Random policy roundabouts and the Citizen
The nodal Gopal Krishna Gokhale Bridge had collapsed in July 2018.
The lexicon defines a roundabout as that space or axis where a cluster of roads join in and traffic must go around. The theory is that this enables a smoother flow of movement. Those living in Delhi (and navigating the ‘gol chakkars’) will attest that frequently, motion is mistaken for movement. In a sense roundabouts are an apt metaphor for the random layers and gaps afflicting public policy design. The promise of ease of living is delayed, and even detained at the intersection of multiple and often pious objectives.
Like on Friday the residents of Mumbai learnt that a vital arterial road bridge connecting the eastern and western parts of Andheri may not be ready in June 2023. The nodal Gopal Krishna Gokhale Bridge had collapsed in July 2018. After four years of to-ing and fro-ing between the Brihanmumbai Municipal Corporation and the Indian Railways, following serious strictures by the CAG, the authorities promised that work would be expedited and at least a part of the bridge would be opened by June 2023. It now turns out that the bridge will not be ready before the monsoon, worsening the woes of commuters.
Like, the reason for the new delay is worth attention: the unavailability of steel girders due to a strike at the factory contracted to fabricate them. This in a country where crude steel output this year touched 124 million tonnes! Last year the BMC floated tenders for concreting 400 km of city roads and this week the BMC issued a notice to the contractor for failing to start work. Clearly agility necessary to address citizens' woes to address citizens’ woes is afflicted by both sloth and flexibility in policy. One wonders if the initiative of PM Gati Shakti – the National Master Plan for Multi-modal Connectivity has a mechanism to bridge the gaps in policy faultlines.
Like the promise of the bridge is just one of the many projects afflicted by the culture of roundabouts in public policy. It is true that the platform of PM Gati Shakti has enabled better planning of infrastructure projects. But there is no mistaking the gap in implementation and accountability. In February 2023 the Ministry of Statistics and Programme Implementation published a review of projects worth over Rs 150 crore. The details are revealing. Of the 1418 projects 823 projects are delayed, 346 projects have cost overruns and 316 projects have reported “inadequate information” about commissioning schedule. The gap between estimated and now anticipated cost: Rs 4.46 lakh crore. For context consider this: the gap between estimated and anticipated cost is more than twice the total allocation for food subsidy for 2023-24.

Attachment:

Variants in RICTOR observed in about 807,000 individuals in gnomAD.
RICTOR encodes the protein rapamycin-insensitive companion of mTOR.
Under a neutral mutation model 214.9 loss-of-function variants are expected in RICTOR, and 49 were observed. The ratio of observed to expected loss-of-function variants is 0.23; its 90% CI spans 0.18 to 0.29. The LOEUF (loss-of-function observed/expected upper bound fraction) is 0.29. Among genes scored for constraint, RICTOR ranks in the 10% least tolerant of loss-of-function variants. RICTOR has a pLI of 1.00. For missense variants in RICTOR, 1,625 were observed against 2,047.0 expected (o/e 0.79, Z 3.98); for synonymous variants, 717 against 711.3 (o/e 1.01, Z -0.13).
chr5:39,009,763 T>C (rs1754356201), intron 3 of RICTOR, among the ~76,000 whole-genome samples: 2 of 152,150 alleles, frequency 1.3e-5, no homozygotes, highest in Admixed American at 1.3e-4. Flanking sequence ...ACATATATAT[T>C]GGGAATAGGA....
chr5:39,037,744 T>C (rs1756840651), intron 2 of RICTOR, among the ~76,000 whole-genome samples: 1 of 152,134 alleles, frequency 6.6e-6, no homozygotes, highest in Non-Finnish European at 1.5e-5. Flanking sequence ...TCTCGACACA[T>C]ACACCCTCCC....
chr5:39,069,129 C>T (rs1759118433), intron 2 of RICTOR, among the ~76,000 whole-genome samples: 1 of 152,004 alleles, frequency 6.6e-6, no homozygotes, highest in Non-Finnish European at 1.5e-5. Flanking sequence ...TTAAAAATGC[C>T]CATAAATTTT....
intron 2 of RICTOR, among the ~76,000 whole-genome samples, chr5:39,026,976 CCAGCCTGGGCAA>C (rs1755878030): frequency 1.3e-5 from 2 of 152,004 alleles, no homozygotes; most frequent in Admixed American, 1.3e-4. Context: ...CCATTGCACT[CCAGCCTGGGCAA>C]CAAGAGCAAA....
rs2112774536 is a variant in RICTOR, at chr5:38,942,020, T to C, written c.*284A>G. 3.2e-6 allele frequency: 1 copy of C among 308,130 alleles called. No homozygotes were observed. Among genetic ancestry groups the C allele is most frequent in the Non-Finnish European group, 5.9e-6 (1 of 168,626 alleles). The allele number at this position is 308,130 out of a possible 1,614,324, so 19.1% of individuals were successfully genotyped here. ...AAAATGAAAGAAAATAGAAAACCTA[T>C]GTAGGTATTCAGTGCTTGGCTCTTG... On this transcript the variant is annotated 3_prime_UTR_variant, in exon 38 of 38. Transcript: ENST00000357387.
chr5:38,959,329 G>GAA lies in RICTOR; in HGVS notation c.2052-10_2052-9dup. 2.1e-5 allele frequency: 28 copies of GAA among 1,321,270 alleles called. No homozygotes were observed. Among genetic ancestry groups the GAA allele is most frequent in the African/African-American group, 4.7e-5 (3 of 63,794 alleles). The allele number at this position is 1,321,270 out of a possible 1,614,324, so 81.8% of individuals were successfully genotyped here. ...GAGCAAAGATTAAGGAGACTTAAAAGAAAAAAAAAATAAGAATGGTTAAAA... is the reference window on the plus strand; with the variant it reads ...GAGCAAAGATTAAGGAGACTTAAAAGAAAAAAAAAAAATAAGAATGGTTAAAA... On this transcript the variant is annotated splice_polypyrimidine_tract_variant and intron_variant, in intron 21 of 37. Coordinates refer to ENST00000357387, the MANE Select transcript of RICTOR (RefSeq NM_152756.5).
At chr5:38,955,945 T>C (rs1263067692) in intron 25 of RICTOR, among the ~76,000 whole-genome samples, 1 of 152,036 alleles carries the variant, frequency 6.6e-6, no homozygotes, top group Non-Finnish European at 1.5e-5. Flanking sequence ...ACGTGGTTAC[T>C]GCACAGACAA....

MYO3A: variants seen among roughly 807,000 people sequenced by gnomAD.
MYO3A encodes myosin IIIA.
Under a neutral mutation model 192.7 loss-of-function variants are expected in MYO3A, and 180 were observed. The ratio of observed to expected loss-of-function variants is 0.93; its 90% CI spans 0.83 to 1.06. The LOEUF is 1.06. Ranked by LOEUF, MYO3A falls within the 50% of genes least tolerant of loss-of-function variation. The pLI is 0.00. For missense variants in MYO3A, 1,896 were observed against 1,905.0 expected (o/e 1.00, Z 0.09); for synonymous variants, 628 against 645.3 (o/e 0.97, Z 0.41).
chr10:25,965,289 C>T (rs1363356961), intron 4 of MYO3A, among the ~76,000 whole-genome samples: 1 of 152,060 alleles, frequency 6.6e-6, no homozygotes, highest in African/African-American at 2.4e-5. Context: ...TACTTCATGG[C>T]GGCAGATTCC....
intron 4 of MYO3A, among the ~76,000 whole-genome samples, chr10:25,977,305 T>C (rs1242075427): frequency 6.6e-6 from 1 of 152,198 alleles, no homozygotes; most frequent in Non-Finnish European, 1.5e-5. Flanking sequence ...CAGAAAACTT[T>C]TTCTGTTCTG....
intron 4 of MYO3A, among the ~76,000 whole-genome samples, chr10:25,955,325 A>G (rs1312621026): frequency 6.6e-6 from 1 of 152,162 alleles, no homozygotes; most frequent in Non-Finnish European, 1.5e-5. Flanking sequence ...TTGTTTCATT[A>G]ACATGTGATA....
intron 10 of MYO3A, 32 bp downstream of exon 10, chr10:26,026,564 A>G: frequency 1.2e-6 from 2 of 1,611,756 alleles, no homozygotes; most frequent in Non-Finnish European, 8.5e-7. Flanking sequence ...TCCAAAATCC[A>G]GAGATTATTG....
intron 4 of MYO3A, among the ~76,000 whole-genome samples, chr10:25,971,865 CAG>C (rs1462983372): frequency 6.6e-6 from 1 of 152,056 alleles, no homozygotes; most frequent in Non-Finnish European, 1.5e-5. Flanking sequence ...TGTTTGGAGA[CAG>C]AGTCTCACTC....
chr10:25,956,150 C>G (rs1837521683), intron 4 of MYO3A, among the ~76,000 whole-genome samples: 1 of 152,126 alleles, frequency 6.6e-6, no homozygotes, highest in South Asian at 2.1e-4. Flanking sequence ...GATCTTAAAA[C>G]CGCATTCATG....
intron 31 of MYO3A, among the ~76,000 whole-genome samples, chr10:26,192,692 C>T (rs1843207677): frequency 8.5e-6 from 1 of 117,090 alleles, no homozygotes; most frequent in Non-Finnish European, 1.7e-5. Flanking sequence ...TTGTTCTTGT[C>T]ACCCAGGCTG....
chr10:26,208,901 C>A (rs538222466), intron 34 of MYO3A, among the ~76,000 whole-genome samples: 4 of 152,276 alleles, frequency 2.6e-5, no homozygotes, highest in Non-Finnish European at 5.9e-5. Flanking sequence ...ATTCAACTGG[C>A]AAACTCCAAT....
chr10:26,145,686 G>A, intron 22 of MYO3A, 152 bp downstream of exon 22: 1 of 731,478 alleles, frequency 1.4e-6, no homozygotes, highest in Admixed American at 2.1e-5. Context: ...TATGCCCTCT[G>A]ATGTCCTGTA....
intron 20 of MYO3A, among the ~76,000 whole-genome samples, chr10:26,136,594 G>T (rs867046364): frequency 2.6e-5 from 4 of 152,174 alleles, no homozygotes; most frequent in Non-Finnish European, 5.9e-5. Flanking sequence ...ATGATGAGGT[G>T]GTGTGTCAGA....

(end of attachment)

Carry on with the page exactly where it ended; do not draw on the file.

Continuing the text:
Like, the adoption of Aadhaar-based identification has been celebrated globally as a mechanism for delivery of welfare, issue of documents and access to banking/telecom services. The use of biometric authentication enabled the triangulation of ease of governance, ease of business and ease of living. Sometime during the pandemic a new guideline was introduced by the TRAI – telecom operators issuing a new connection, post Aadhaar based biometric authentication, are required to “live photograph” the customer with date and time stamp. The rationale for the live photograph presumes inadequacies in biometric identification and its objectives are mystifying to say the least.
Like earlier this week the Mumbai High Court was seized with what has been described as a genuine problem of residential areas littered with vehicles seized by the police. The challenge is the absence of a policy. Justices Girish Kulkarni and R N Laddha asked the government to “place on record any policy” for dealing with seized vehicles “causing public nuisance by their haphazard storage”. Now this brings into focus the intent to scrap vehicles older than 15 years. How effective is the policy and systems for disposing these vehicles – just the union government plans to scrap over 1.28 lakh vehicles!
Like the state of education depends on physical and human infrastructure. The students – who have lost out due to the pandemic – require enhanced attention from teachers. And this is challenged by systemic inefficiencies and apathy. A report by the Standing Committee on the Ministry of Education reveals that, as of December 2022, over 9.86 lakh teacher posts are lying vacant across the country. The largest gap concerns the most vulnerable --over 7.47 lakh teacher posts are vacant in primary schools. Vacant teacher posts are a persistent phenomenon. In 2021-22 over 12.54 lakh posts for teachers were vacant. Lack of teachers translates into serious implications for the quality of workforce India will need.
Finally, the phenomenon of phone call and message scams is now verily an epidemic. The perpetrators of the scam are coming up with new ways of “vishing” with threats to vital utilities ranging from bank accounts to phone connections to electricity supply. Those who pick up the call and are skeptical face a barrage of threats and abuse and the innocent are scammed. The TRAI issues periodic warnings and has format for complaints. But criminal gangs are operating with impunity. The situation calls for exemplary prosecution and it may help if the TRAI shares the number of complaints and details of criminals nabbed.
India’s aspiration to a digitalized $ 10 trillion economy demands better policy design and implementation.